The Return of Faraz Ali

Apr. 5

Faraz Ali has lived his life according to his father’s whims. His father is the reason why Faraz was removed from his mother’s home in Lahore’s red-light district, and he’s the reason why Faraz is going back to the Mohalla now. Acting as the new police chief, Faraz is living a new, very different life in the Mohalla. But when he’s instructed to cover up the murder of a young sex worker, something about the case is rubs him the wrong way. He’s going to defy his father’s wishes for the first time... even if he’s worried about the consequences.


The Resting Place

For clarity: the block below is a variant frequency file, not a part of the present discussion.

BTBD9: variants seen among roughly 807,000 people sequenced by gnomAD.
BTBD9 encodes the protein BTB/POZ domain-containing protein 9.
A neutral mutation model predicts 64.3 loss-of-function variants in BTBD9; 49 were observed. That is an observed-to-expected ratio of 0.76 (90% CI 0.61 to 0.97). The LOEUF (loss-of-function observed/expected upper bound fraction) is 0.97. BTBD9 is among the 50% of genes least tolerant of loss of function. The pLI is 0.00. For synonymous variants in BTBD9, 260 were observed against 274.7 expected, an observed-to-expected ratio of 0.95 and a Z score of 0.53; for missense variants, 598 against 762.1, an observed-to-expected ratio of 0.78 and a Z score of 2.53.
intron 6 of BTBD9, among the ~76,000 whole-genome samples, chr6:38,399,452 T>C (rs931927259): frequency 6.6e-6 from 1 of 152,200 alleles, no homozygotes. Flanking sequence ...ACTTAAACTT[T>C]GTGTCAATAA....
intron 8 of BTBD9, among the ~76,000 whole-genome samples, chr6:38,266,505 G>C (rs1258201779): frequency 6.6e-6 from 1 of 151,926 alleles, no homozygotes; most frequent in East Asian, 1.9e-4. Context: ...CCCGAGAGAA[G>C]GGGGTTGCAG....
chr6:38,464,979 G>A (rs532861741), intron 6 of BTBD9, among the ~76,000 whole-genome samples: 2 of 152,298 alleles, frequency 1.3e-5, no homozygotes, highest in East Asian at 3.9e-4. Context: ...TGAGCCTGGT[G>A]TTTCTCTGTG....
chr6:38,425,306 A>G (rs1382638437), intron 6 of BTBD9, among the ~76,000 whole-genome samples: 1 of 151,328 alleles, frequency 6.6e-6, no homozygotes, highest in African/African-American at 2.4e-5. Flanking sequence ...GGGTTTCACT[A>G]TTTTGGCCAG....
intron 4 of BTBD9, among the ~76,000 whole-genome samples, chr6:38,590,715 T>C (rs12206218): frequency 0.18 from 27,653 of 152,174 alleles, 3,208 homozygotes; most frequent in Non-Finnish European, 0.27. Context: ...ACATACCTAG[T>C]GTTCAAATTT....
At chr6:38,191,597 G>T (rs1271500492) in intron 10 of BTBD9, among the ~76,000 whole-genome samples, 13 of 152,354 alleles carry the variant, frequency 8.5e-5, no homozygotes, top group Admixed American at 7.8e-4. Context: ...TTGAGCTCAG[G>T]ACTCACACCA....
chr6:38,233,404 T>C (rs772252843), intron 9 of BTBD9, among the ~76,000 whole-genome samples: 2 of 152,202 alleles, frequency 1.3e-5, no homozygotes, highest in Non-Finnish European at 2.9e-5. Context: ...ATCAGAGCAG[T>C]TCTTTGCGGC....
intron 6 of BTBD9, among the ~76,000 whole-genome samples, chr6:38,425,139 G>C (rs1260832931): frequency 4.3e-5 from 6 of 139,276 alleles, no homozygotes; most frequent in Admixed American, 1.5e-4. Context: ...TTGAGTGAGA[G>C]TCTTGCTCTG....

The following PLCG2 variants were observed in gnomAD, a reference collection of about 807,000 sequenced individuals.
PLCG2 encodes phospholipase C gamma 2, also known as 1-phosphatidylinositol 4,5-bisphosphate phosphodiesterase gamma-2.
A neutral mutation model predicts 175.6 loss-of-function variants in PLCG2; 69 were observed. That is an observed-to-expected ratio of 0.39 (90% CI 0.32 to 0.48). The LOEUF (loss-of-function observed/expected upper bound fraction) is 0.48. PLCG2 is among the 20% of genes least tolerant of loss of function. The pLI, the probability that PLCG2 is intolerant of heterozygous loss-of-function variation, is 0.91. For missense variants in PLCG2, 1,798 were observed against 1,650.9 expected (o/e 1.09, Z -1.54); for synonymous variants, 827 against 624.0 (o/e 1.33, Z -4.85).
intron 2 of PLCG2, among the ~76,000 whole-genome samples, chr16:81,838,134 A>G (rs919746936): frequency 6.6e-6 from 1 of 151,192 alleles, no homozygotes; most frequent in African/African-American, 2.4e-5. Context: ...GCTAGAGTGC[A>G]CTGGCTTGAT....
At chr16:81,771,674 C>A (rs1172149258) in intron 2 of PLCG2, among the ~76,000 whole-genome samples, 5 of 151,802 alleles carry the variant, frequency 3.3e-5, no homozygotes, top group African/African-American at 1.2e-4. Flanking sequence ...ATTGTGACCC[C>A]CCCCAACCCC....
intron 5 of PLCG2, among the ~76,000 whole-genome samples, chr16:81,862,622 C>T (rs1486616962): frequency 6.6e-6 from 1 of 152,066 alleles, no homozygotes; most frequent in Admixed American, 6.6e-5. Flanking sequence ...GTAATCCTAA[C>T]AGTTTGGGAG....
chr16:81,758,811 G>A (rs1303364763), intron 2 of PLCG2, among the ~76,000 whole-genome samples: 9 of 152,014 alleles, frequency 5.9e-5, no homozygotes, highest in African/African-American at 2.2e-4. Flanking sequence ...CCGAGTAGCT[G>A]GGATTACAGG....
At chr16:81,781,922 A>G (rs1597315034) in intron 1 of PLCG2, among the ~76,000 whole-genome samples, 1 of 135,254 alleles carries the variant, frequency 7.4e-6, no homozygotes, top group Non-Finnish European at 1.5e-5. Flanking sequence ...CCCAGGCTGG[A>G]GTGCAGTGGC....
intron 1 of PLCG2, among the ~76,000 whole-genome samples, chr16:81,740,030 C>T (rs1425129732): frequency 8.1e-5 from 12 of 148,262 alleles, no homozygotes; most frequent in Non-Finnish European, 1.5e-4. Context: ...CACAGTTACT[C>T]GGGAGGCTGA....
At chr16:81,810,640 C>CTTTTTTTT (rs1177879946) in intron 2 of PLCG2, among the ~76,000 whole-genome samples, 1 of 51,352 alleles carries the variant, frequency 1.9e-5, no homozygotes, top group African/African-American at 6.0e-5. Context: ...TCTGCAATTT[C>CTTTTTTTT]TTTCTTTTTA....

Mar. 29

Eleanor once looked into the eyes of her grandmother’s killer and lived, but her prosopagnosia guarantees that she’ll never be able to identify the perpetrator — not if they’re caught, and not if they come back looking for her. Now, Eleanor has inherited her grandmother’s home: a place full of family secrets, some of them deadly. After moving in, Eleanor quickly becomes convinced that the killer has come to finish the job. But which one of her new neighbors could it be?


Finding Me

Apr. 5

Viola Davis, the Academy Award-winning star of Fences and Ma Rainey’s Black Bottom, tells her life story for the first time in her new memoir.


The Candy House

Apr. 5

The companion to A Visit from the Goon Squad, Jennifer Egan’s Pulitzer Prize-winning novel, The Candy House centers on Bix — the 40-year-old CEO of a company that lets people own, control, and share their memories.


Time Is a Mother

Apr. 5